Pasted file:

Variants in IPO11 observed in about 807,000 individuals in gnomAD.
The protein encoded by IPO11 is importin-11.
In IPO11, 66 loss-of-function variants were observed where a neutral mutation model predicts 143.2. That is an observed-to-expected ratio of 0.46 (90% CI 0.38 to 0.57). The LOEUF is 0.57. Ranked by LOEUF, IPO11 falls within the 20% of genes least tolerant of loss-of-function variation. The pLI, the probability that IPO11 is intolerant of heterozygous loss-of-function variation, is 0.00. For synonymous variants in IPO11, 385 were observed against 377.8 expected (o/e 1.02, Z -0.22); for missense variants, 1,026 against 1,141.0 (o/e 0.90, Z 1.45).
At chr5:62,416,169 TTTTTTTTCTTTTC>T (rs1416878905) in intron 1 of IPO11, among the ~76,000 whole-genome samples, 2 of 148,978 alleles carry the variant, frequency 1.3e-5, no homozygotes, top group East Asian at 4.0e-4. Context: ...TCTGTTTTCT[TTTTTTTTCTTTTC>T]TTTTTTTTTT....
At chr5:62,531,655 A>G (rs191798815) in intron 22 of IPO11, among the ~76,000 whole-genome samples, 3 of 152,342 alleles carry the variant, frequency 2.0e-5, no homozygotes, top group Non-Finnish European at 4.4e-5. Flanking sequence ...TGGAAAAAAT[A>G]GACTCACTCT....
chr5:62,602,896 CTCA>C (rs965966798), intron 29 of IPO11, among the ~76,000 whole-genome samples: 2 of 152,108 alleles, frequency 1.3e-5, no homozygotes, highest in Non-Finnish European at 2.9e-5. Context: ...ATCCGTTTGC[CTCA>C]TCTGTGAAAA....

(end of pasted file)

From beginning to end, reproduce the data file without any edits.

Variants in IPO11 observed in about 807,000 individuals in gnomAD.
The protein encoded by IPO11 is importin-11.
In IPO11, 66 loss-of-function variants were observed where a neutral mutation model predicts 143.2. That is an observed-to-expected ratio of 0.46 (90% CI 0.38 to 0.57). The LOEUF is 0.57. Ranked by LOEUF, IPO11 falls within the 20% of genes least tolerant of loss-of-function variation. The pLI, the probability that IPO11 is intolerant of heterozygous loss-of-function variation, is 0.00. For synonymous variants in IPO11, 385 were observed against 377.8 expected (o/e 1.02, Z -0.22); for missense variants, 1,026 against 1,141.0 (o/e 0.90, Z 1.45).
At chr5:62,416,169 TTTTTTTTCTTTTC>T (rs1416878905) in intron 1 of IPO11, among the ~76,000 whole-genome samples, 2 of 148,978 alleles carry the variant, frequency 1.3e-5, no homozygotes, top group East Asian at 4.0e-4. Context: ...TCTGTTTTCT[TTTTTTTTCTTTTC>T]TTTTTTTTTT....
At chr5:62,531,655 A>G (rs191798815) in intron 22 of IPO11, among the ~76,000 whole-genome samples, 3 of 152,342 alleles carry the variant, frequency 2.0e-5, no homozygotes, top group Non-Finnish European at 4.4e-5. Flanking sequence ...TGGAAAAAAT[A>G]GACTCACTCT....
chr5:62,602,896 CTCA>C (rs965966798), intron 29 of IPO11, among the ~76,000 whole-genome samples: 2 of 152,108 alleles, frequency 1.3e-5, no homozygotes, highest in Non-Finnish European at 2.9e-5. Context: ...ATCCGTTTGC[CTCA>C]TCTGTGAAAA....